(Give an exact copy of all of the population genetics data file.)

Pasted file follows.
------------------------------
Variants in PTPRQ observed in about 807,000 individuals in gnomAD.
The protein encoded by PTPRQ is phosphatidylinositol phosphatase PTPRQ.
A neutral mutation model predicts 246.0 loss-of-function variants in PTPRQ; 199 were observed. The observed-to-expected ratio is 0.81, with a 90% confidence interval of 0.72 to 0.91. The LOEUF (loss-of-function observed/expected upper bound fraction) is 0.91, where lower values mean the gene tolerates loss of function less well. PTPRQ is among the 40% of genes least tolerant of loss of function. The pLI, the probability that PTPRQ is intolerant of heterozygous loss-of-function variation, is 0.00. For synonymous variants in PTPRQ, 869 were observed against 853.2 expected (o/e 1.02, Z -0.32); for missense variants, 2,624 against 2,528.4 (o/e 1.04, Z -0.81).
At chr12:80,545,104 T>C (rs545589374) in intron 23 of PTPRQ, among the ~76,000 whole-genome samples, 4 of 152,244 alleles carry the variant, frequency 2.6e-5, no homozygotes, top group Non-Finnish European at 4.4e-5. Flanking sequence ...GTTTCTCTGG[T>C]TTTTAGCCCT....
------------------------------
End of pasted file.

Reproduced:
Variants in PTPRQ observed in about 807,000 individuals in gnomAD.
The protein encoded by PTPRQ is phosphatidylinositol phosphatase PTPRQ.
A neutral mutation model predicts 246.0 loss-of-function variants in PTPRQ; 199 were observed. The observed-to-expected ratio is 0.81, with a 90% confidence interval of 0.72 to 0.91. The LOEUF (loss-of-function observed/expected upper bound fraction) is 0.91, where lower values mean the gene tolerates loss of function less well. PTPRQ is among the 40% of genes least tolerant of loss of function. The pLI, the probability that PTPRQ is intolerant of heterozygous loss-of-function variation, is 0.00. For synonymous variants in PTPRQ, 869 were observed against 853.2 expected (o/e 1.02, Z -0.32); for missense variants, 2,624 against 2,528.4 (o/e 1.04, Z -0.81).
At chr12:80,545,104 T>C (rs545589374) in intron 23 of PTPRQ, among the ~76,000 whole-genome samples, 4 of 152,244 alleles carry the variant, frequency 2.6e-5, no homozygotes, top group Non-Finnish European at 4.4e-5. Flanking sequence ...GTTTCTCTGG[T>C]TTTTAGCCCT....